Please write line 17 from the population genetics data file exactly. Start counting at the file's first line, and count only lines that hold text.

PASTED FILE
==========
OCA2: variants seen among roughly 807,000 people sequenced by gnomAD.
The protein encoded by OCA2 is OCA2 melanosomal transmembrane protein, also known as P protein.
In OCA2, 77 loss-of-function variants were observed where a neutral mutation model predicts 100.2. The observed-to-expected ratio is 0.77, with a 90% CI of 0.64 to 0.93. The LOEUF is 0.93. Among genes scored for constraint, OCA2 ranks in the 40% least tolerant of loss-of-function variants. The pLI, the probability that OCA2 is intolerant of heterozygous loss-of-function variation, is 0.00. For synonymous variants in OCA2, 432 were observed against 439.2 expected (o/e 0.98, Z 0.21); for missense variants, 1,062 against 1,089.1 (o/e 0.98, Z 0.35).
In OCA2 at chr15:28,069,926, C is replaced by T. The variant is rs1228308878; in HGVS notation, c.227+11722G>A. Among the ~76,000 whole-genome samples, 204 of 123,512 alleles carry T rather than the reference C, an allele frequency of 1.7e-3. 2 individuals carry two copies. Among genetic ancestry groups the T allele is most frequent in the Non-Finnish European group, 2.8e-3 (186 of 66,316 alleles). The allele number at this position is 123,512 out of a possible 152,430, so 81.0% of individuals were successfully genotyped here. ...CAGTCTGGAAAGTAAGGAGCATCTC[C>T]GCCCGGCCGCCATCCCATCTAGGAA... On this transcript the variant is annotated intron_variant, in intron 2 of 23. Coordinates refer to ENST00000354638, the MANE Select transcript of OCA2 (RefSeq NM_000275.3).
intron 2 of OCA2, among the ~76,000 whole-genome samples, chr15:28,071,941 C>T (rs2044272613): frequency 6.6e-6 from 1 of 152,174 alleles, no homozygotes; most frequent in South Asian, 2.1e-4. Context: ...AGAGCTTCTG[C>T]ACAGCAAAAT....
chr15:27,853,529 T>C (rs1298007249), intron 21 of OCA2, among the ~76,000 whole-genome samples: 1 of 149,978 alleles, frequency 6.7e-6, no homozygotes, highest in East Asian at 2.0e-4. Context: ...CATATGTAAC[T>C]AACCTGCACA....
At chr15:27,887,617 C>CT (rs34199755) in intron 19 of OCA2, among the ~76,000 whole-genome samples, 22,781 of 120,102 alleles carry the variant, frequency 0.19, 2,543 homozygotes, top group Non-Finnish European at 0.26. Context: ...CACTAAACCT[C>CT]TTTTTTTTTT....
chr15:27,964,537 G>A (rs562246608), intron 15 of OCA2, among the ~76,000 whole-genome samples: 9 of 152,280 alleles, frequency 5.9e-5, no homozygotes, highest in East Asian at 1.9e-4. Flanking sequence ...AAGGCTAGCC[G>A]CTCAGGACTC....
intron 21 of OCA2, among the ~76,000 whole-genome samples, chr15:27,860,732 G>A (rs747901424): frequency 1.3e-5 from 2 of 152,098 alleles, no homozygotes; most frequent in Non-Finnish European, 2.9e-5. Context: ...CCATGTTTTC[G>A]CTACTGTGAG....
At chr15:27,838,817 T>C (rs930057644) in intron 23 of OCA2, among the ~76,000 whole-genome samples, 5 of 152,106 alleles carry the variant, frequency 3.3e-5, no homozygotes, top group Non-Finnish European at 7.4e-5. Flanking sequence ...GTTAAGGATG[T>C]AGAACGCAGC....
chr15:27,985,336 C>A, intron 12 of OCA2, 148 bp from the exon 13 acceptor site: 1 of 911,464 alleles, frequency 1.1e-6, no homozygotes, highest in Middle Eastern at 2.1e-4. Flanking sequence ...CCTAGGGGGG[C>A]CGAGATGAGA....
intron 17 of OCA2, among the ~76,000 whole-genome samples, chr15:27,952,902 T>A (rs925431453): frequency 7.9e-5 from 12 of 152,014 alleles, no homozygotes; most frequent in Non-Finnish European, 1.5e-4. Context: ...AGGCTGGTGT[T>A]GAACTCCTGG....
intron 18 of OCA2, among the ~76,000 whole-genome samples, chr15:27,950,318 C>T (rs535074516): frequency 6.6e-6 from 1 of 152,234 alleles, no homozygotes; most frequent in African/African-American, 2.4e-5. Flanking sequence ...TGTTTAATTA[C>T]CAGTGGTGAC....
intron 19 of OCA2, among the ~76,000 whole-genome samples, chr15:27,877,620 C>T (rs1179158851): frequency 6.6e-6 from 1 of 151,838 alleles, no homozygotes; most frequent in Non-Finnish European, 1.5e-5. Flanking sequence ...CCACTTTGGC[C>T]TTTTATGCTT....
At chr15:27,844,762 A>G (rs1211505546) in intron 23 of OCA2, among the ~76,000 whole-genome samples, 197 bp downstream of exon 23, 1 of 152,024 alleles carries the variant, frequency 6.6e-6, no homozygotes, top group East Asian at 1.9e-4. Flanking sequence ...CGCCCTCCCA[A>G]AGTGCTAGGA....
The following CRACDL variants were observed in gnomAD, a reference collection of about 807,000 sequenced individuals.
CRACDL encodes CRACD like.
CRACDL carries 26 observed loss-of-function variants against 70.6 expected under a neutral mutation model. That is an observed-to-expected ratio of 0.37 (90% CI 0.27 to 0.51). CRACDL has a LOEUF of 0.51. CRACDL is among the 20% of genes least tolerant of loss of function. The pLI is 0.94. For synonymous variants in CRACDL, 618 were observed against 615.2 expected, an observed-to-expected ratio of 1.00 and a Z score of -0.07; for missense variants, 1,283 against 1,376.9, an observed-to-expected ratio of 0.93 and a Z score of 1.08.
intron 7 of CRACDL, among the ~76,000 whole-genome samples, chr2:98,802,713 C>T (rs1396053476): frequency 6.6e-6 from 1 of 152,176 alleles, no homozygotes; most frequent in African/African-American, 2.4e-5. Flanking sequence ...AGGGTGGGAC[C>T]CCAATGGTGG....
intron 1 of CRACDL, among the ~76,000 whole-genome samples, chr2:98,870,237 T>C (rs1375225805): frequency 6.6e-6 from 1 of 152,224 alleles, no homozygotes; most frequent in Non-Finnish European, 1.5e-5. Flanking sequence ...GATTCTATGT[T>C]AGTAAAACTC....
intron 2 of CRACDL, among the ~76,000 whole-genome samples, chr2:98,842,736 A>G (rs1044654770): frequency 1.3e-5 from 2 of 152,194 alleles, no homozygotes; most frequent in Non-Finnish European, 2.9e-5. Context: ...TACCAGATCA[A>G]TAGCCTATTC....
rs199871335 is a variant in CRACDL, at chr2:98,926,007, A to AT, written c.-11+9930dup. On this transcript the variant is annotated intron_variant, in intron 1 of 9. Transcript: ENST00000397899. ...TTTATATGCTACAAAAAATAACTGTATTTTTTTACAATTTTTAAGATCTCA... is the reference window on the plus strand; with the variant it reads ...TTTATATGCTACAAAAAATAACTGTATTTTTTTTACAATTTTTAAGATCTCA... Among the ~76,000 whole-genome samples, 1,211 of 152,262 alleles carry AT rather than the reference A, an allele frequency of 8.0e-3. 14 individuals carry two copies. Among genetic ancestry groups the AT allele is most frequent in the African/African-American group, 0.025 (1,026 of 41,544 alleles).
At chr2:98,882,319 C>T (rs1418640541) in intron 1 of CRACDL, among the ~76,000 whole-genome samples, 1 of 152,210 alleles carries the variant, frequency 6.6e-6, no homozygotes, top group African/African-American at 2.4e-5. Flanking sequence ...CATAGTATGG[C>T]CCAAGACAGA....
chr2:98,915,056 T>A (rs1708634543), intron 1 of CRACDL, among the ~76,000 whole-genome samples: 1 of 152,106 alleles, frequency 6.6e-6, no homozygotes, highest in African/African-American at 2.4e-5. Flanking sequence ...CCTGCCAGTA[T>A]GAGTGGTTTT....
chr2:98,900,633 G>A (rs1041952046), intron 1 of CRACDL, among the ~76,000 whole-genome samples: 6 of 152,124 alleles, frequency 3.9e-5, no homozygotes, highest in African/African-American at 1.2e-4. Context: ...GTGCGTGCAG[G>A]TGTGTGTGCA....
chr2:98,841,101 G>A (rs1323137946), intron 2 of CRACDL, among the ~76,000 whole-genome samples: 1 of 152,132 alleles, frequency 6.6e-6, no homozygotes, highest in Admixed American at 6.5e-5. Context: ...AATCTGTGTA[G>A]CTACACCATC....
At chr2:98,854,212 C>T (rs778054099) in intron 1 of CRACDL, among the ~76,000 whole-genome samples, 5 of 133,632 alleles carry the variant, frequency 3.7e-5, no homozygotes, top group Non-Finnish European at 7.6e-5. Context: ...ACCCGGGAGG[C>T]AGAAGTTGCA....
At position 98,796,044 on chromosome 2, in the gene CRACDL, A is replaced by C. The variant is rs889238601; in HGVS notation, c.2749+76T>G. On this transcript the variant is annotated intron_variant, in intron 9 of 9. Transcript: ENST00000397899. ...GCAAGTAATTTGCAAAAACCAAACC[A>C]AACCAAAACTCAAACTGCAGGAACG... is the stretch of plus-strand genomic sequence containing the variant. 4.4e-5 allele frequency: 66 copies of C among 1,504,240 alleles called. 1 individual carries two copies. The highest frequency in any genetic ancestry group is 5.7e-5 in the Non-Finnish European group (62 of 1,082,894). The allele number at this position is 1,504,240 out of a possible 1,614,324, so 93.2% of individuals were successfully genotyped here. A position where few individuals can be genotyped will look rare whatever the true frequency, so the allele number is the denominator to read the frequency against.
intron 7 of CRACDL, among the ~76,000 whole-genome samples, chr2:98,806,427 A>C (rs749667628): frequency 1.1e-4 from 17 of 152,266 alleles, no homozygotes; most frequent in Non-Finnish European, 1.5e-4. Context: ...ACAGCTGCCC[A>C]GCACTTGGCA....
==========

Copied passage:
CRACDL encodes CRACD like.